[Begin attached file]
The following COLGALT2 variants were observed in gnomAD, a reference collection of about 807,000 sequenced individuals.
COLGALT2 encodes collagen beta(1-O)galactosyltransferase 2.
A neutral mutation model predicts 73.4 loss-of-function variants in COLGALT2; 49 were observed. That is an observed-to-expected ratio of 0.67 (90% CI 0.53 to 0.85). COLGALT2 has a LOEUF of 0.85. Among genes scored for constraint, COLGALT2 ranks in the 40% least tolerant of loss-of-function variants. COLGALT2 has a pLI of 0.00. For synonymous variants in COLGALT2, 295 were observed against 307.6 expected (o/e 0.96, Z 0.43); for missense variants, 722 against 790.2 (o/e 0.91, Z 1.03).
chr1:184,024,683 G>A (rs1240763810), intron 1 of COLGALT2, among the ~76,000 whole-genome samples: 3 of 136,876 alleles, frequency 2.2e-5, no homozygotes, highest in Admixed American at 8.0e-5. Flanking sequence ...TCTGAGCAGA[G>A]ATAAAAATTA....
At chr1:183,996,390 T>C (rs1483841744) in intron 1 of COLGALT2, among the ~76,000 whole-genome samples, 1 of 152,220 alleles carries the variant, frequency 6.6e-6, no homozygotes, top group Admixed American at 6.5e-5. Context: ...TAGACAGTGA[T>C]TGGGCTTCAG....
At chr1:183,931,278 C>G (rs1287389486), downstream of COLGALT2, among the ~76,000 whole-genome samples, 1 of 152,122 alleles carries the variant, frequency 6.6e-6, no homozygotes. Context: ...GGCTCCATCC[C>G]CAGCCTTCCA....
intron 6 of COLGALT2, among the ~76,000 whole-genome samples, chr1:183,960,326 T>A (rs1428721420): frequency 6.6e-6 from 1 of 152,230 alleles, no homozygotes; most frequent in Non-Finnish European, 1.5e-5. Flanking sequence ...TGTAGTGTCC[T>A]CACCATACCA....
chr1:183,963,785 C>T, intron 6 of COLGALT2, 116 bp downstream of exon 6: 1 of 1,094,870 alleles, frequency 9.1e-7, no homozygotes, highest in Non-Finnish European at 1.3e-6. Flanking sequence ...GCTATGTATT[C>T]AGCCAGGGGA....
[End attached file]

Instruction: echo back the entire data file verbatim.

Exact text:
The following COLGALT2 variants were observed in gnomAD, a reference collection of about 807,000 sequenced individuals.
COLGALT2 encodes collagen beta(1-O)galactosyltransferase 2.
A neutral mutation model predicts 73.4 loss-of-function variants in COLGALT2; 49 were observed. That is an observed-to-expected ratio of 0.67 (90% CI 0.53 to 0.85). COLGALT2 has a LOEUF of 0.85. Among genes scored for constraint, COLGALT2 ranks in the 40% least tolerant of loss-of-function variants. COLGALT2 has a pLI of 0.00. For synonymous variants in COLGALT2, 295 were observed against 307.6 expected (o/e 0.96, Z 0.43); for missense variants, 722 against 790.2 (o/e 0.91, Z 1.03).
chr1:184,024,683 G>A (rs1240763810), intron 1 of COLGALT2, among the ~76,000 whole-genome samples: 3 of 136,876 alleles, frequency 2.2e-5, no homozygotes, highest in Admixed American at 8.0e-5. Flanking sequence ...TCTGAGCAGA[G>A]ATAAAAATTA....
At chr1:183,996,390 T>C (rs1483841744) in intron 1 of COLGALT2, among the ~76,000 whole-genome samples, 1 of 152,220 alleles carries the variant, frequency 6.6e-6, no homozygotes, top group Admixed American at 6.5e-5. Context: ...TAGACAGTGA[T>C]TGGGCTTCAG....
At chr1:183,931,278 C>G (rs1287389486), downstream of COLGALT2, among the ~76,000 whole-genome samples, 1 of 152,122 alleles carries the variant, frequency 6.6e-6, no homozygotes. Context: ...GGCTCCATCC[C>G]CAGCCTTCCA....
intron 6 of COLGALT2, among the ~76,000 whole-genome samples, chr1:183,960,326 T>A (rs1428721420): frequency 6.6e-6 from 1 of 152,230 alleles, no homozygotes; most frequent in Non-Finnish European, 1.5e-5. Flanking sequence ...TGTAGTGTCC[T>A]CACCATACCA....
chr1:183,963,785 C>T, intron 6 of COLGALT2, 116 bp downstream of exon 6: 1 of 1,094,870 alleles, frequency 9.1e-7, no homozygotes, highest in Non-Finnish European at 1.3e-6. Flanking sequence ...GCTATGTATT[C>T]AGCCAGGGGA....